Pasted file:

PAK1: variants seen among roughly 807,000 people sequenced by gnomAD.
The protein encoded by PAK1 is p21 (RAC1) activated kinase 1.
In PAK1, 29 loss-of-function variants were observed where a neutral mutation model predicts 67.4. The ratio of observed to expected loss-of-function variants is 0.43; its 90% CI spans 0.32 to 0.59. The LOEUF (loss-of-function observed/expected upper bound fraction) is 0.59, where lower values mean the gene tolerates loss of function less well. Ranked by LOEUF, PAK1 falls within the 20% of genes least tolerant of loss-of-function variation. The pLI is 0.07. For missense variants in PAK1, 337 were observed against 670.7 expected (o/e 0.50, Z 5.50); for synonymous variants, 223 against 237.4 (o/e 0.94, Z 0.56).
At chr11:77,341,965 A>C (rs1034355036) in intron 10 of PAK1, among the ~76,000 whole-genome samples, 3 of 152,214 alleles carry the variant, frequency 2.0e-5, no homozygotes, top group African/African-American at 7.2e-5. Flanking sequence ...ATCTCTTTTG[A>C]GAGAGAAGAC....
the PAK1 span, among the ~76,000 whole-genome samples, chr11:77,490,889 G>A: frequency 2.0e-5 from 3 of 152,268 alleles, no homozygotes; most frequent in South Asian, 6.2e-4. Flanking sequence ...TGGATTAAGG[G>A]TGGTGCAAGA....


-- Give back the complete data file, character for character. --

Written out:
PAK1: variants seen among roughly 807,000 people sequenced by gnomAD.
The protein encoded by PAK1 is p21 (RAC1) activated kinase 1.
In PAK1, 29 loss-of-function variants were observed where a neutral mutation model predicts 67.4. The ratio of observed to expected loss-of-function variants is 0.43; its 90% CI spans 0.32 to 0.59. The LOEUF (loss-of-function observed/expected upper bound fraction) is 0.59, where lower values mean the gene tolerates loss of function less well. Ranked by LOEUF, PAK1 falls within the 20% of genes least tolerant of loss-of-function variation. The pLI is 0.07. For missense variants in PAK1, 337 were observed against 670.7 expected (o/e 0.50, Z 5.50); for synonymous variants, 223 against 237.4 (o/e 0.94, Z 0.56).
At chr11:77,341,965 A>C (rs1034355036) in intron 10 of PAK1, among the ~76,000 whole-genome samples, 3 of 152,214 alleles carry the variant, frequency 2.0e-5, no homozygotes, top group African/African-American at 7.2e-5. Flanking sequence ...ATCTCTTTTG[A>C]GAGAGAAGAC....
the PAK1 span, among the ~76,000 whole-genome samples, chr11:77,490,889 G>A: frequency 2.0e-5 from 3 of 152,268 alleles, no homozygotes; most frequent in South Asian, 6.2e-4. Flanking sequence ...TGGATTAAGG[G>A]TGGTGCAAGA....